When moss appears in a lawn, it is usually because growing conditions for grasses are adverse, such as overly shaded or moist areas of the lawn, states David Robson, University of Illinois Extension horticulture educator, Springfield Center. Other conditions favorable for moss invasion include soils with poor aeration, compaction or drainage, low fertility and high acidity or alkalinity. To control moss permanently, conditions that allow its growth must be eliminated.
Because shade is a major cause of moss growth, you might want to prune some of the trees surrounding your lawn. Removing lower branches and thinning the crowns of large trees will also help.
Improve your lawn's drainage by filling depressions, redirecting downspouts and adding tile. Slicing or core cultivating will improve aeration or reduce compaction.
Mechanical devices such as aerifiers, core cultivators and vertical mowers can be rented at local rental stores.
Test the soil pH to make sure your lawn is not too acidic or alkaline for the variety of turfgrass grown. Incorporate needed amounts of fertilizer and lime or sulfur to correct the soil pH.
In addition, raising the mower cutting height to 2 1/2 or 3 inches will improve the vigor of the grass and will help shade out moss.
Moss can be temporarily removed by raking or can be chemically killed by thoroughly soaking the moss with a ferrous sulfate solution at 5 pounds per 1,000 square feet of lawn. Dead moss may be removed by raking, and bare areas can be reseeded.
Where conditions are not corrected, moss will continue to grow.
April 1, 2009
We are now on the books with the first snow of spring. Two to four inches of the white stuff, but at least it didn't last long. We really won't have any ill effects to plants from the snow, quite the contrary, as it provided an insulating blanket for everything. Grass and early garden plants look better after the snow than two days ago. Of course we can do without any more for this season. The main problem is the moisture accompanying the storm. Soil will be too wet to work for several days now, and this fact can put us a little behind on the gardening calendar. Don't worry, unless the trend is prolonged. Heat units accelerate as we approach the summer months, and many crops catch up quickly.
April 1, 2009
Each year, the winter annual weeds chickweed and henbit run number one and two in the early spring. This year is seems like henbit is running slightly ahead. Winter annual weeds can actually germinate in the fall, carry through the winter, then get going very early in the spring. They also are done by the heat of the summer, leaving seed to germinate again later in the fall. Right now chickweed stands out in yards because it is quite abundant, and has a lighter green color than grass and most other weeds. I can't begin to tell you how to identify it, it gets even harder when there is common chickweed and mouse-ear chickweed. Henbit is easier to identify since it has purple flowers and smells like mint. As for control, that gets a bit easier.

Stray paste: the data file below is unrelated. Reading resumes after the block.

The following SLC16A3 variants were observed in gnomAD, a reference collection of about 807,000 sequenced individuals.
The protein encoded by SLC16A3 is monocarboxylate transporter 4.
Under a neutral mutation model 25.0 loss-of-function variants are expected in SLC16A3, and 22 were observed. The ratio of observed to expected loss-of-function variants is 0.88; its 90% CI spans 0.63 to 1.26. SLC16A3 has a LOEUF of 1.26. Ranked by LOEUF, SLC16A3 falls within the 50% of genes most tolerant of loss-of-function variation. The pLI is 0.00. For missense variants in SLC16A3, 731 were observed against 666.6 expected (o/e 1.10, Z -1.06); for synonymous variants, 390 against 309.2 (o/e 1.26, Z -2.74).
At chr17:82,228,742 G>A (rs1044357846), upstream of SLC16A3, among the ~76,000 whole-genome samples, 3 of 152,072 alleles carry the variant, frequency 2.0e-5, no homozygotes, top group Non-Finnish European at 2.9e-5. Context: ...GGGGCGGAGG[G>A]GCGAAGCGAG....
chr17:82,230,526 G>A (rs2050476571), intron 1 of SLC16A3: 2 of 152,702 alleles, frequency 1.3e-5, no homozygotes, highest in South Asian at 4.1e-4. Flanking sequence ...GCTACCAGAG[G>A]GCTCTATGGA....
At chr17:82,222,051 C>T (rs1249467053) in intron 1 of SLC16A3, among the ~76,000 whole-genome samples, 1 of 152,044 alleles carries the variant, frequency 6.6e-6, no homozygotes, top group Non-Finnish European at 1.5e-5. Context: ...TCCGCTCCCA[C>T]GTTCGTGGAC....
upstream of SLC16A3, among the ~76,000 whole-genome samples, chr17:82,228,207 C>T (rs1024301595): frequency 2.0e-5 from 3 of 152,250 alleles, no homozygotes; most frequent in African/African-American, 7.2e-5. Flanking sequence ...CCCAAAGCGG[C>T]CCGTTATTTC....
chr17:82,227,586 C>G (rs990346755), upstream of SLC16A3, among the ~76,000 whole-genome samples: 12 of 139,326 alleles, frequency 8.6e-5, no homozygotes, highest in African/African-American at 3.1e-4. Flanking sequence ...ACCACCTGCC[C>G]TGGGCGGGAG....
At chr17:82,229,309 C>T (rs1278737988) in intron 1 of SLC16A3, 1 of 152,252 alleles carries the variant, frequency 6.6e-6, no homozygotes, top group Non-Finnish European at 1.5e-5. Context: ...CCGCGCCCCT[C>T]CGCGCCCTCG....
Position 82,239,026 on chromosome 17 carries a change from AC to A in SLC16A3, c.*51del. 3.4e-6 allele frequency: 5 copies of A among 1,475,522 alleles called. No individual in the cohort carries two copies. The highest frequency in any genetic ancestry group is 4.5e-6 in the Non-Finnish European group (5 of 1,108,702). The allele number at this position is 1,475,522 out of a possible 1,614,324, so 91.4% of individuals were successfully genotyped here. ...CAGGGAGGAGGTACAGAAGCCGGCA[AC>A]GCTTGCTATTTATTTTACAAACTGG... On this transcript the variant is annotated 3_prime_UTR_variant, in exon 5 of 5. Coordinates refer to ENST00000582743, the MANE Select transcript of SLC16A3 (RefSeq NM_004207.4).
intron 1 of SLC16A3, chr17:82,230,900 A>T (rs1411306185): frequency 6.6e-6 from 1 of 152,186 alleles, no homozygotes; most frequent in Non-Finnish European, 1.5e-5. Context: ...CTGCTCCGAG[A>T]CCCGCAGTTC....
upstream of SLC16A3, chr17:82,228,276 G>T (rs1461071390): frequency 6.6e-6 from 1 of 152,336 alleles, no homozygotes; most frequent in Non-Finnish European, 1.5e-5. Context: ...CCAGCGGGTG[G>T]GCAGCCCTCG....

The straight 2,4-D that is used on dandelions seems to act like a fertilizer for chickweed and other problem weeds. Combinations that contain 2,4-D, MCPP, and dicamba are rated very effective on chickweed, henbit, red sorrel, purslane, white clover, and others. Just remember the control time for most broadleaf weeds is early May. These combinations are sold under several different trade names. You can find these at most hardware, discount, and lawn and garden stores. Just check the label under active ingredients and check for two long chemical names and dicamba. You can also check to see that it says it will control chickweed and henbit. This group of chemicals is effective in the 50 degree range and up. As with any chemical control, read and follow label instructions very carefully. There will be some cautions on these product labels concerning injury to sensitive plants that you should be aware of. This is because dicamba can drift as a vapor for a few weeks after you apply it if the weather gets hot and sunny.
April 1, 2009
One of the main things to discuss today is the removal of nuisance fruit. You may be thinking about those apples or peaches, but really the nuisance fruit category includes things that are much more a nuisance like sweet gum balls, maple seeds, and crabapples.
There are several products available to eliminate nuisance fruit. The most common is ethephon, and it is used as a foliar spray to reduce or eliminate undesirable fruit or seeds. Some of the trade names include Florel and Ethrel. The product is effective at eliminating much of the fruit without affecting leaf growth and color, and it does not harm other plants that get some spray drift on them. It also does not affect the actual flowering of the treated trees.
With ethephon, the key is in the timing. The application must be made during flowering, but before the fruit set in. For most flowering trees there is a 10-14 day window of opportunity. Sweet gums are a little tricky since there are no showy flowers involved, so effective sprays should occur just as new leaves begin to emerge. Sprays should leave leaves wet, but not to the point of dripping. Good coverage of the tree is needed, so keep in mind the size of the tree when you are weighing this option. There are injectable products available, but must be applied by a professional. The injectable products have not been as effective as the sprays.
This product is a growth regulator that naturally occurs. Its natural production is stimulated by stress, so make sure you aren't treating a tree that is under stress from drought, high temperatures, diseases, or other environmental stresses. Treating stressed trees can cause severe injury to the plant such as leaf loss or scorching.